A. Arc de Triomphe
The Arc de Triomphe or the Triumphal Arch is one of the most famous buildings in Paris. It was built in honor of Napoleon’s victory in the Battle of Austerlitz against the Austrians. Construction began in 1806 and was not completed until 1836. The walls have plaques bearing the names of famous French generals.
B. Place de ternes
The origin of its name comes from the Middle Ages when the bishop of Paris maintained a country farm near the Faubourg du Roule called Villa Externa, since it was outside his Parisian jurisdiction. This farm was transformed into a castle by Pierre Habert, a valet de chambre of Henri III. Externa became Estern then Ternes.
C. Parc Monceau
The park was owned by Louis Philippe Joseph d’Orléans, Duke of Chartres and designed by Louis Carrogis, also known as Carmontelle. On October 22, 1797, the first parachute jump took place over the Parc Monceau. Claude Monet painted the park in 1876.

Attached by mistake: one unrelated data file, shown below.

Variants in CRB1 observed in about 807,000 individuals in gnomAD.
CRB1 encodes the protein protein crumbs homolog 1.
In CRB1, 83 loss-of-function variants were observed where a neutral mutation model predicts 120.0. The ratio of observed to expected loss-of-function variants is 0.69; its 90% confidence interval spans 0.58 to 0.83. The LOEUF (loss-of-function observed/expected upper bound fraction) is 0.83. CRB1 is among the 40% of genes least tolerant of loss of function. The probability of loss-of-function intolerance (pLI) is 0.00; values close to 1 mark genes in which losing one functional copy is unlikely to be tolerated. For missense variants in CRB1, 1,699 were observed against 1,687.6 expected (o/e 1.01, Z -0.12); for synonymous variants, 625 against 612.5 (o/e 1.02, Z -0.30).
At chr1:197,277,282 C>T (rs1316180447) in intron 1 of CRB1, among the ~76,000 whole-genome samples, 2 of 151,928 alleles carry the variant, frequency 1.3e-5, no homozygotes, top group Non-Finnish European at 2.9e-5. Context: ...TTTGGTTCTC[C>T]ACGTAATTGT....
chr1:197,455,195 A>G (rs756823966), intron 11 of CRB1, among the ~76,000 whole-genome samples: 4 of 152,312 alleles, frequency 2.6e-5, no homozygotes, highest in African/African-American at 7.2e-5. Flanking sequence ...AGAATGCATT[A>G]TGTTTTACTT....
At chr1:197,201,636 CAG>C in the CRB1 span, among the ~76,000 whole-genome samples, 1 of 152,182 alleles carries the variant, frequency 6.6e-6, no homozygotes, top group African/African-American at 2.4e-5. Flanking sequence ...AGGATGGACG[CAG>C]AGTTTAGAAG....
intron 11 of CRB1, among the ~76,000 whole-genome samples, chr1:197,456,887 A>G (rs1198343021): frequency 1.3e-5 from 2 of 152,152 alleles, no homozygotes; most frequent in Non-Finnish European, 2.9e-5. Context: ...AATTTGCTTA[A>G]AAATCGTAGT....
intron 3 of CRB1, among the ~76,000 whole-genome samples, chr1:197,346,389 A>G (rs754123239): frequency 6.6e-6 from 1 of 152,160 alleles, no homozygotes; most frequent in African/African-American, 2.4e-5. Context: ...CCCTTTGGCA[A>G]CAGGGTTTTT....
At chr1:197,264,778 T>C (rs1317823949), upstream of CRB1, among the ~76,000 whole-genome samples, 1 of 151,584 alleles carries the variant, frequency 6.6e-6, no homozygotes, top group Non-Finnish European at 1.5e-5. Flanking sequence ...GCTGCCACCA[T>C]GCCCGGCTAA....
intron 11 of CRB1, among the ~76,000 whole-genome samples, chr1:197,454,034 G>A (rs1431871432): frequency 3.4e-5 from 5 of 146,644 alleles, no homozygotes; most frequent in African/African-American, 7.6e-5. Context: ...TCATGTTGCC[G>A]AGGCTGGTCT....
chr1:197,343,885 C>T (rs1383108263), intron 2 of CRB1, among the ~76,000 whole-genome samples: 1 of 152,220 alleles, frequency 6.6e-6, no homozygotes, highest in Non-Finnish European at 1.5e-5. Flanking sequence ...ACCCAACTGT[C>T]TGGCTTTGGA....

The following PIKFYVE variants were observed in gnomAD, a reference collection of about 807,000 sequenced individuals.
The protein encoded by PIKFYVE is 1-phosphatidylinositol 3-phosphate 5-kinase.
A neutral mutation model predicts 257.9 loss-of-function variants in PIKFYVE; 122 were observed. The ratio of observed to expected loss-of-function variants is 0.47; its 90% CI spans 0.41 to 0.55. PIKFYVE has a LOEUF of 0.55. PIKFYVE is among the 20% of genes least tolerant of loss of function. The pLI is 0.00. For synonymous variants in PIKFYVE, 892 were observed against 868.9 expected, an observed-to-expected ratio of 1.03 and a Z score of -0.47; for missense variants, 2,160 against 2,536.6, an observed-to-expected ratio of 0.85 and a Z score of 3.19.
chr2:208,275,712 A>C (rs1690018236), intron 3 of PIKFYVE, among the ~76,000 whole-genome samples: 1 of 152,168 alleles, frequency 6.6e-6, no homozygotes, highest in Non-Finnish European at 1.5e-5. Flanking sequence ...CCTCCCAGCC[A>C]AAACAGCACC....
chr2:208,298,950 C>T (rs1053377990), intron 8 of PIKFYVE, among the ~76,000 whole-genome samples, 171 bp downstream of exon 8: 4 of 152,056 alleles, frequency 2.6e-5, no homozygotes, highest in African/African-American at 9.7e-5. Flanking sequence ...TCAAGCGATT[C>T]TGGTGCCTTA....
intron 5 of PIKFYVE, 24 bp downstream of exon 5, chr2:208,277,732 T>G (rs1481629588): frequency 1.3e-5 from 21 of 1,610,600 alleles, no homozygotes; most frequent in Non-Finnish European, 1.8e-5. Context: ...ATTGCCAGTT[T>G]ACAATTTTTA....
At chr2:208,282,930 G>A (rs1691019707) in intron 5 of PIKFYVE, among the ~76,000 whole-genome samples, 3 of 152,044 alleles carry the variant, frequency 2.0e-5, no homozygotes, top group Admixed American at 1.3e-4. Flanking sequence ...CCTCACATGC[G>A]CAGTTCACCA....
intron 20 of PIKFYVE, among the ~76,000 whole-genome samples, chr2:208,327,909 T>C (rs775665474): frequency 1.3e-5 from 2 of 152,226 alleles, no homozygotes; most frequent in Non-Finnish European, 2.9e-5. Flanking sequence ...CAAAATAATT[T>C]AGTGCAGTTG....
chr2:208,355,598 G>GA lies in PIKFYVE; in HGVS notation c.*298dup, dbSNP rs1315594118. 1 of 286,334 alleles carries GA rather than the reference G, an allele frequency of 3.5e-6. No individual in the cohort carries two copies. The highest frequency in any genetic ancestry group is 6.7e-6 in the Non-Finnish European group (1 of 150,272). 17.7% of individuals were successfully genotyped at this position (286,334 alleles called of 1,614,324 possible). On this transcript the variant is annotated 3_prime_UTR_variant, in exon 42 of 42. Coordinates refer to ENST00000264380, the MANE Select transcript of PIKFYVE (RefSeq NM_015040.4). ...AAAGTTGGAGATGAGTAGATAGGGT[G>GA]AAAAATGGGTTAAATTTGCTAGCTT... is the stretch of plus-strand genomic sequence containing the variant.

D. Musée Nissim-de-Camondo
The Musée Nissim de Camondo is a museum in Paris that is located on the edge of the Parc Monceau. The museum is housed in the 20th-century residence of the Camondo family. Here, the family’s former private collection is showcased, consisting mainly of 18th-century French furniture.
E. Musée Jacquemart-André
The Musée Jacquemart-André is a museum in a former hôtel particulier. The collection has been brought together by a private collector; Édouard André in 1875. He mainly collected works by old Italian masters, which he bought together with his wife Nélie Jacquemart.
F. Musée Cernuschi
The Musée Cernuschi is an Asian art museum specializing in works from China, Japan and Korea.
G. Musée Jean-Jacques Henner
Housed in a 19th century mansion, the museum is dedicated to the work of Jean-Jacques Henner (1829-1905). His collections retrace, from his native Alsace to Paris, via the Villa Medici where he stayed following his Prix de Rome, the journey of an artist who, at the beginning of the 20th century, was considered one of the most important of his time.